The report went on to detail an interview with Jefferson: “Mr. Jefferson said that he thought it was only an infraction, similar to a jaywalking ticket if you register and vote while on parole.”

Having completed his parole for drug offenses in January 2004, Jefferson now finds himself facing much more than a ticket. If the case goes to trial, he could be sentenced to a maximum of six years. He is now considering a settlement for one year’s court probation and a month of community service, which Deputy District Attorney Doug Hamilton characterized as a “very, very favorable offer.”

Seemingly invigorated by the legal wrangling, Jefferson lightheartedly admits that he signed three separate voter-registration cards—one for each address, because he moved multiple times—and that each card asked him to confirm that he was not on parole for a felony.

Asked why he registered in spite of knowing that it was illegal, he said simply, “I wanted to.” As a civic-minded individual, Jefferson said he just wanted to participate in the election process.

“The question isn’t whether I knew it was against the law,” said Jefferson. “The question is: Why are they coming at me with the intensity they are?”

Jefferson’s case does appear to be unusual in the California courts, a fact confirmed by numerous attorneys and Hamilton, the deputy district attorney who filed the case. In 10 years, he said, he’s only seen one other voter-fraud case.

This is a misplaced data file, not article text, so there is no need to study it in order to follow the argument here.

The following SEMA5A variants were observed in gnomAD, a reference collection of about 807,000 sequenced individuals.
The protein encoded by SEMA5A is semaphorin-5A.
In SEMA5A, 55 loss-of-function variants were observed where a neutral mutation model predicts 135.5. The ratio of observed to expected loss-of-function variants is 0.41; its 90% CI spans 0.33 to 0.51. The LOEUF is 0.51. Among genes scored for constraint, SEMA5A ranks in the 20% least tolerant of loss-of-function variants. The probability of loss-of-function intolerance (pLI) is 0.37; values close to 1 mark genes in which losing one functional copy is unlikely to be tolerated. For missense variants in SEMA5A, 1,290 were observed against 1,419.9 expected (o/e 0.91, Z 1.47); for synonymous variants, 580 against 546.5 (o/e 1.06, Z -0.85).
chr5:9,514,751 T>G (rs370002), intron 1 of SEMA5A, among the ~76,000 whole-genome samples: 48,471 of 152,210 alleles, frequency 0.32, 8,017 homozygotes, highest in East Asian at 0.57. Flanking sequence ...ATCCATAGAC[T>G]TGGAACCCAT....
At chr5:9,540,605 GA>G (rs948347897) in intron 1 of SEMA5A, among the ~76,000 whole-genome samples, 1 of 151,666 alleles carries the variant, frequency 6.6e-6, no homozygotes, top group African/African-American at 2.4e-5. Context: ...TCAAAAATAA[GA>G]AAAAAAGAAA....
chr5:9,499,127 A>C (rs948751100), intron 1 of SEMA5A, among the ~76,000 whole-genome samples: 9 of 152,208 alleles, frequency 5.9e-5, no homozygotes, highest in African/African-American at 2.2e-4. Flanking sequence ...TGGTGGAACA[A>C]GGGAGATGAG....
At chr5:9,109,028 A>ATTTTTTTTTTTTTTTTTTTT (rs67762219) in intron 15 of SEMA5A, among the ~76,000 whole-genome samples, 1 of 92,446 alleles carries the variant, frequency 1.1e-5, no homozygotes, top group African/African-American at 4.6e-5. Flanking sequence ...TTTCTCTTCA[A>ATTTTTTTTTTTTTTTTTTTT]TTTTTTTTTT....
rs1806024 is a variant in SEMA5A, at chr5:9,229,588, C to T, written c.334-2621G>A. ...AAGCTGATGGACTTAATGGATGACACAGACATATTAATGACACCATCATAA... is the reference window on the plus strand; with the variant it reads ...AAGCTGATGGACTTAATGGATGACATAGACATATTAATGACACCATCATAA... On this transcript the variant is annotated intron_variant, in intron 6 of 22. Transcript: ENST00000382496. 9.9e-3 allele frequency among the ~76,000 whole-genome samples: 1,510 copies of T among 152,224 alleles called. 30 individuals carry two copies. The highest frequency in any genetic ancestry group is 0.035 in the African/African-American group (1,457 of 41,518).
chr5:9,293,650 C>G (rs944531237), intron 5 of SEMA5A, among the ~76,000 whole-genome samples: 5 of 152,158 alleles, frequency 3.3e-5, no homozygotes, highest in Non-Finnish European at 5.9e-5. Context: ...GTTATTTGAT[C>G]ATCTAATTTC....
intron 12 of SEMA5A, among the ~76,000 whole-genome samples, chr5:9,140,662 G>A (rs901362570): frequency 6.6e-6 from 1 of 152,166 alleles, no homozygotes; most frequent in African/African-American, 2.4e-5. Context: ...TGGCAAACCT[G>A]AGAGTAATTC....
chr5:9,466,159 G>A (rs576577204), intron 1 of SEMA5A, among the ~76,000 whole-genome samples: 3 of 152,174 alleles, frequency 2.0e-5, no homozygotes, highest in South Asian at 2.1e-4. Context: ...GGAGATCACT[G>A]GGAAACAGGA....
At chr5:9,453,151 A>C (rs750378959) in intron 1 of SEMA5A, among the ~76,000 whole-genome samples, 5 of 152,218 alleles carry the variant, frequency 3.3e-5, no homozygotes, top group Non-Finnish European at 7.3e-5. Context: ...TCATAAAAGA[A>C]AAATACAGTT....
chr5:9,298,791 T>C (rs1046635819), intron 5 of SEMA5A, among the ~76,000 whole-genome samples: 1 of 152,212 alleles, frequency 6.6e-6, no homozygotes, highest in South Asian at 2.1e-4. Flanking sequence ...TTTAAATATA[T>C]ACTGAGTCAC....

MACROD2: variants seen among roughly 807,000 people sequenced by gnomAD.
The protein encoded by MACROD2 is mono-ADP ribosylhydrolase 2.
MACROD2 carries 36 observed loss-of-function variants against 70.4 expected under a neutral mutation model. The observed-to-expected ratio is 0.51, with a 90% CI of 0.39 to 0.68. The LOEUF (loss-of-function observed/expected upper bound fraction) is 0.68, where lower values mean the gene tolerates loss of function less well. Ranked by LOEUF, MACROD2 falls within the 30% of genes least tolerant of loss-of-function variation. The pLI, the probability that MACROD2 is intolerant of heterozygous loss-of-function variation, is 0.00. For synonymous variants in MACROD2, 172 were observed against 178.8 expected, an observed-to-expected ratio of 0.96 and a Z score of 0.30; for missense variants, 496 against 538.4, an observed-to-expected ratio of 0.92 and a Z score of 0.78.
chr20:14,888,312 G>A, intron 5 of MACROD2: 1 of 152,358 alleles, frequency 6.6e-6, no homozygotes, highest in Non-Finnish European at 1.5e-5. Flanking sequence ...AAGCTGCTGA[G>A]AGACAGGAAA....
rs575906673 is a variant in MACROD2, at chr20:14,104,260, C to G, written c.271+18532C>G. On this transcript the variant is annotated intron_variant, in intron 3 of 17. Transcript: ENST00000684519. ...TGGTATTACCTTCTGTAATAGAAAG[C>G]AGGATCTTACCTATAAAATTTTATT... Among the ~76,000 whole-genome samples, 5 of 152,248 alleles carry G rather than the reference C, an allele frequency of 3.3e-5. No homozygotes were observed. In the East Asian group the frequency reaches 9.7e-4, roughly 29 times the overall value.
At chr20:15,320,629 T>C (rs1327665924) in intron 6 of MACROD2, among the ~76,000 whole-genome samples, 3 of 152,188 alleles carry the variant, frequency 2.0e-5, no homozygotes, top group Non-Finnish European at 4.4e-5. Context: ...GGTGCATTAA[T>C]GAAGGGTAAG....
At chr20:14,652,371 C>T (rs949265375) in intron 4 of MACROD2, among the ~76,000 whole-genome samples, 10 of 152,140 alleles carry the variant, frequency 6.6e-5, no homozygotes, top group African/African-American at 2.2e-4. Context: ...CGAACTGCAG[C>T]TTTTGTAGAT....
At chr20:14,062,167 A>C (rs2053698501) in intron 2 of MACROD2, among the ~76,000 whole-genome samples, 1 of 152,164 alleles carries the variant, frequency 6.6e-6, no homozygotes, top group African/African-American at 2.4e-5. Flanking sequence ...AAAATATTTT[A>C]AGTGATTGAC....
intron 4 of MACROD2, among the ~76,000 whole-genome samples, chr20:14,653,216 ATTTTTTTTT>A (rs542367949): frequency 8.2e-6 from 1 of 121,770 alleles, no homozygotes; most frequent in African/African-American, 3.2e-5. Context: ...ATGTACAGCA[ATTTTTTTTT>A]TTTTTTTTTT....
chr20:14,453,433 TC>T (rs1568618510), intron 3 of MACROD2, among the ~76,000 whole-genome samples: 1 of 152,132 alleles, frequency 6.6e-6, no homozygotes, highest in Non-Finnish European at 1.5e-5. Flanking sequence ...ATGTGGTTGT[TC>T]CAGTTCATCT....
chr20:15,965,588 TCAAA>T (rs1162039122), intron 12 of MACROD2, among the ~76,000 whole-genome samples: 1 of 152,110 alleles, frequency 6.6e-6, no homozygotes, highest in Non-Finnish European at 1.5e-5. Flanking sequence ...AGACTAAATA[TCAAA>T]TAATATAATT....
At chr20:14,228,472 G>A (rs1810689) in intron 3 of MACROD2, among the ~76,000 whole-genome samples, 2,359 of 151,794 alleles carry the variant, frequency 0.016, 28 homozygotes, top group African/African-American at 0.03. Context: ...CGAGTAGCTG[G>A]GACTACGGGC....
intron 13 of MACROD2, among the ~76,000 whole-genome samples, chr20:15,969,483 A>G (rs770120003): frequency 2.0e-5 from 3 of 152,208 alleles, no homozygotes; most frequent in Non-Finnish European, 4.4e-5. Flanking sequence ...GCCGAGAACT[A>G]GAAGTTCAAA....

Peter Brixie, a criminal-defense attorney who heard about Jefferson through his work with a local legal clinic, said that he’d only seen one such case in almost 20 years of criminal law, and that one had ended in acquittal. “It sounds incredibly petty for [the district attorney’s office] to do such a thing,” he said.

James Schwab, a board member of the Northern California office of the American Civil Liberties Union (ACLU), likely would agree. According to him, disenfranchising parolees and those in prison is the last vestige of an outdated Jim Crow system limiting the opportunities for African-Americans to participate in the legal process.